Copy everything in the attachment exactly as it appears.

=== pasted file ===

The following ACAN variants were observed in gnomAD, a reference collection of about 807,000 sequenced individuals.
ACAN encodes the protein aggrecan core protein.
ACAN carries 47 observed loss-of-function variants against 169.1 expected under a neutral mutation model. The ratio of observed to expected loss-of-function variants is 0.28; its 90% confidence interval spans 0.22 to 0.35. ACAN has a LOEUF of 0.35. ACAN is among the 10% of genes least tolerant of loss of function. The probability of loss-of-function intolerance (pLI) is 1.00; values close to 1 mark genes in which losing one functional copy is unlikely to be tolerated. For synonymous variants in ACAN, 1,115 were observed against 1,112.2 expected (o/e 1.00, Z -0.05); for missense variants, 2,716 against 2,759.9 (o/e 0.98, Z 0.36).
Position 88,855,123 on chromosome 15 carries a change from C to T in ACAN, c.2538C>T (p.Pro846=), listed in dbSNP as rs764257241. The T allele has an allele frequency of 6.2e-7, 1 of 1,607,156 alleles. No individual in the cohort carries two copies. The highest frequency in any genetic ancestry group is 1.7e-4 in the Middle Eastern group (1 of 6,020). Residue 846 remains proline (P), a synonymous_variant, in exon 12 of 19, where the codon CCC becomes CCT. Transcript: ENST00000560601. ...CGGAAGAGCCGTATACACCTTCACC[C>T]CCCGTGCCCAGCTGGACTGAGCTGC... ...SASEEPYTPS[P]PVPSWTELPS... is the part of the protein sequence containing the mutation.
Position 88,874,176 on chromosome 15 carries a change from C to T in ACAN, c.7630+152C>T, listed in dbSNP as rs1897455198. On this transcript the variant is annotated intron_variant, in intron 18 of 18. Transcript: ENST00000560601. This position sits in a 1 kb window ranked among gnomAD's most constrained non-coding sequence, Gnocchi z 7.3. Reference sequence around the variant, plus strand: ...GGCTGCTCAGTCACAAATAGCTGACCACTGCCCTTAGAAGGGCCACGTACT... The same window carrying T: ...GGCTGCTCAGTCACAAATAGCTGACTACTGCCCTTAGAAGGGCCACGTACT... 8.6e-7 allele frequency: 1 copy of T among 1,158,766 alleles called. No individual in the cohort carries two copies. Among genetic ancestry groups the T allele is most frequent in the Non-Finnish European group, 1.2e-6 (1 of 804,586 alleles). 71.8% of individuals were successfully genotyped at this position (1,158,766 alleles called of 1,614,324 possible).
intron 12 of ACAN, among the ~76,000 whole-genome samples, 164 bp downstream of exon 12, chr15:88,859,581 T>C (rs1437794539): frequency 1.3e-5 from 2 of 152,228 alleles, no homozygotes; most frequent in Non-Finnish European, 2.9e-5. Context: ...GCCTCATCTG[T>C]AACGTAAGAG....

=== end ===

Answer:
The following ACAN variants were observed in gnomAD, a reference collection of about 807,000 sequenced individuals.
ACAN encodes the protein aggrecan core protein.
ACAN carries 47 observed loss-of-function variants against 169.1 expected under a neutral mutation model. The ratio of observed to expected loss-of-function variants is 0.28; its 90% confidence interval spans 0.22 to 0.35. ACAN has a LOEUF of 0.35. ACAN is among the 10% of genes least tolerant of loss of function. The probability of loss-of-function intolerance (pLI) is 1.00; values close to 1 mark genes in which losing one functional copy is unlikely to be tolerated. For synonymous variants in ACAN, 1,115 were observed against 1,112.2 expected (o/e 1.00, Z -0.05); for missense variants, 2,716 against 2,759.9 (o/e 0.98, Z 0.36).
Position 88,855,123 on chromosome 15 carries a change from C to T in ACAN, c.2538C>T (p.Pro846=), listed in dbSNP as rs764257241. The T allele has an allele frequency of 6.2e-7, 1 of 1,607,156 alleles. No individual in the cohort carries two copies. The highest frequency in any genetic ancestry group is 1.7e-4 in the Middle Eastern group (1 of 6,020). Residue 846 remains proline (P), a synonymous_variant, in exon 12 of 19, where the codon CCC becomes CCT. Transcript: ENST00000560601. ...CGGAAGAGCCGTATACACCTTCACC[C>T]CCCGTGCCCAGCTGGACTGAGCTGC... ...SASEEPYTPS[P]PVPSWTELPS... is the part of the protein sequence containing the mutation.
Position 88,874,176 on chromosome 15 carries a change from C to T in ACAN, c.7630+152C>T, listed in dbSNP as rs1897455198. On this transcript the variant is annotated intron_variant, in intron 18 of 18. Transcript: ENST00000560601. This position sits in a 1 kb window ranked among gnomAD's most constrained non-coding sequence, Gnocchi z 7.3. Reference sequence around the variant, plus strand: ...GGCTGCTCAGTCACAAATAGCTGACCACTGCCCTTAGAAGGGCCACGTACT... The same window carrying T: ...GGCTGCTCAGTCACAAATAGCTGACTACTGCCCTTAGAAGGGCCACGTACT... 8.6e-7 allele frequency: 1 copy of T among 1,158,766 alleles called. No individual in the cohort carries two copies. Among genetic ancestry groups the T allele is most frequent in the Non-Finnish European group, 1.2e-6 (1 of 804,586 alleles). 71.8% of individuals were successfully genotyped at this position (1,158,766 alleles called of 1,614,324 possible).
intron 12 of ACAN, among the ~76,000 whole-genome samples, 164 bp downstream of exon 12, chr15:88,859,581 T>C (rs1437794539): frequency 1.3e-5 from 2 of 152,228 alleles, no homozygotes; most frequent in Non-Finnish European, 2.9e-5. Context: ...GCCTCATCTG[T>C]AACGTAAGAG....